President Woodrow Wilson Remembered His Mama

Share Now

On Saturday, May 9, 1914, President Woodrow Wilson proclaimed Mother’s Day to be a national observance to be celebrated on the second Sunday of May each year. Several years ago, Ray and I visited the Woodrow Wilson Presidential Library and Museum in Staunton, Virginia, which includes Wilson’s birthplace. The home was a manse when Woodrow was born. His father, Joseph Ruggles Wilson, was then serving as a Presbyterian minister in Staunton.

The manse is a grand home. The rear of the house is even more impressive than the front.

We enjoyed walking in the garden behind the house which the Garden Club of Virginia created to commemorate his birthplace.

Ray and I visited in May when the museum had installed a 100 Years of Celebrating Mothers exhibit, co-sponsored by Hallmark Cards. The exhibit explained the origin of Mother’s Day in the U.S. and included a timeline of Mother’s Day cards from each decade beginning around 1930.

We learned about Wilson’s love for his own mother, Janet “Jessie” Woodrow Wilson, who is pictured below in a frame the future president made when he was about 14 years old.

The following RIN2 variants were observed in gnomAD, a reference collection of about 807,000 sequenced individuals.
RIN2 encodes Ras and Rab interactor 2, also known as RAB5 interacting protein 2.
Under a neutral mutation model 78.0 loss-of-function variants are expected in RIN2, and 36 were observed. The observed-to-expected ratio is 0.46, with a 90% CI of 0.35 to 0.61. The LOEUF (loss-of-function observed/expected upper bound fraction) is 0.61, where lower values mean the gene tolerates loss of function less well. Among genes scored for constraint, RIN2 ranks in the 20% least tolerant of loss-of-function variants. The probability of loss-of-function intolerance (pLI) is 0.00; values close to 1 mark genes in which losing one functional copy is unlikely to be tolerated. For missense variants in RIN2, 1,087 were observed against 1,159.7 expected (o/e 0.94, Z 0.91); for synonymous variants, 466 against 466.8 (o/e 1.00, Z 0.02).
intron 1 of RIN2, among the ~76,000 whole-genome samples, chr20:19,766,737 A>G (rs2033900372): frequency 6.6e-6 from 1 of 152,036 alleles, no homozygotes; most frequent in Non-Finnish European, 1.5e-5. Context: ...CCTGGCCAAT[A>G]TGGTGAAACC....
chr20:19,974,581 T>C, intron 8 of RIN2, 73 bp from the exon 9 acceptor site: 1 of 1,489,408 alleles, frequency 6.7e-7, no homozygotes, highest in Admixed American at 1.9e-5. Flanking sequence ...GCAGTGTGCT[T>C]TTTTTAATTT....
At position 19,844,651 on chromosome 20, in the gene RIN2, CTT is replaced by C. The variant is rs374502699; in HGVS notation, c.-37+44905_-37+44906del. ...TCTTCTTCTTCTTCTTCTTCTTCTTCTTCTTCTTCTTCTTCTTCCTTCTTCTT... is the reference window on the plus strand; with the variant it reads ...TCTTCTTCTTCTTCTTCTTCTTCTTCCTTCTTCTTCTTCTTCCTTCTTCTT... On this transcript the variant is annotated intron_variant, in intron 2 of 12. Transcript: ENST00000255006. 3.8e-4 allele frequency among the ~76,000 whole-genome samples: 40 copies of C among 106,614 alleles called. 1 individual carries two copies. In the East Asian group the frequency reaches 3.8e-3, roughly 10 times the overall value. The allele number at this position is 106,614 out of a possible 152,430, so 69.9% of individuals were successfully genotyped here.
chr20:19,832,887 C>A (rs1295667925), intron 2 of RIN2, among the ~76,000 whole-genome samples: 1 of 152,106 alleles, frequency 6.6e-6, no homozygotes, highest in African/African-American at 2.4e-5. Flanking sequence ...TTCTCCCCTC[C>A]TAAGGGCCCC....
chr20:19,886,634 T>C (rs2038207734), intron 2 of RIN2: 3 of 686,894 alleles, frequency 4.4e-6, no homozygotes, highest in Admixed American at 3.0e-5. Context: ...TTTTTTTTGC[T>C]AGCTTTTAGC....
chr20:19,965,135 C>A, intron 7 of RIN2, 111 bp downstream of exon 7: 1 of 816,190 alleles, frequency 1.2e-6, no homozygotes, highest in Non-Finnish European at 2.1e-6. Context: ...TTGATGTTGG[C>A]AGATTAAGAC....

Jessie Wilson gave birth to Woodrow three days after Christmas in 1858. On display was a dress that he wore as an infant.

In 1888, Wilson was 29 years old and serving as a professor of political science of Bryn Mawr College in Pennsylvania. His parents were living in Clarksville, Tennessee, where his father was a professor at Southwestern Theological University.

When Jessie became gravely ill that spring, her son Woodrow rushed to be at her side. Upon his arrival, he learned that his mother had just died. He wrote to his wife Ellen whom he had married three years before:

My heart is filling up with the tenderest memories of my sweet mother, memories that seem to hallow my whole life . . . . I remember how I clung to her (a laughed at mamma’s boy) till I was a great big fellow: but love of the best womanhood came to me and entered my heart through those apron strings.

Woodrow Wilson must have thought of his own mother when he proclaimed the first Mother’s Day on May 9, 1914. Wilson knew the peace that comes from a mother’s love.

Surely I have composed and quieted my soul;
Like a weaned child rests against his mother,
My soul is like a weaned child within me.
Psalm 131:2

Share Now

Leave a Reply

Your email address will not be published. Required fields are marked *